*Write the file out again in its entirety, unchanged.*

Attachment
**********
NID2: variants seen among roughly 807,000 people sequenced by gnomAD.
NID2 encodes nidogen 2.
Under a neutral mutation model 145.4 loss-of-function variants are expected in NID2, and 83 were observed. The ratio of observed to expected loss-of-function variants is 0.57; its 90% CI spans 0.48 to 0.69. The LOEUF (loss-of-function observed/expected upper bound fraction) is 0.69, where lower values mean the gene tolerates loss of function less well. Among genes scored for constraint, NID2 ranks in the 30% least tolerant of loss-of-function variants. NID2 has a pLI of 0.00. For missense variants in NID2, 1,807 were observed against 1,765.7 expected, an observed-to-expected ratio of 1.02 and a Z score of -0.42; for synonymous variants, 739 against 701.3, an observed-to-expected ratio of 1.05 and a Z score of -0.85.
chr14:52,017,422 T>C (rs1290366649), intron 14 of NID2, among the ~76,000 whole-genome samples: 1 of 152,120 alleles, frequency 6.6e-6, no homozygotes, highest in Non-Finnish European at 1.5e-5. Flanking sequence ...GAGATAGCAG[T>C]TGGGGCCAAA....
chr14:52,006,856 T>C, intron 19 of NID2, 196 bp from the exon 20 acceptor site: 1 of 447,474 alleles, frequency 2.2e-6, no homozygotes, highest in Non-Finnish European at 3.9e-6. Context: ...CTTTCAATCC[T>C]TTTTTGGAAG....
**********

NID2: variants seen among roughly 807,000 people sequenced by gnomAD.
NID2 encodes nidogen 2.
Under a neutral mutation model 145.4 loss-of-function variants are expected in NID2, and 83 were observed. The ratio of observed to expected loss-of-function variants is 0.57; its 90% CI spans 0.48 to 0.69. The LOEUF (loss-of-function observed/expected upper bound fraction) is 0.69, where lower values mean the gene tolerates loss of function less well. Among genes scored for constraint, NID2 ranks in the 30% least tolerant of loss-of-function variants. NID2 has a pLI of 0.00. For missense variants in NID2, 1,807 were observed against 1,765.7 expected, an observed-to-expected ratio of 1.02 and a Z score of -0.42; for synonymous variants, 739 against 701.3, an observed-to-expected ratio of 1.05 and a Z score of -0.85.
chr14:52,017,422 T>C (rs1290366649), intron 14 of NID2, among the ~76,000 whole-genome samples: 1 of 152,120 alleles, frequency 6.6e-6, no homozygotes, highest in Non-Finnish European at 1.5e-5. Flanking sequence ...GAGATAGCAG[T>C]TGGGGCCAAA....
chr14:52,006,856 T>C, intron 19 of NID2, 196 bp from the exon 20 acceptor site: 1 of 447,474 alleles, frequency 2.2e-6, no homozygotes, highest in Non-Finnish European at 3.9e-6. Context: ...CTTTCAATCC[T>C]TTTTTGGAAG....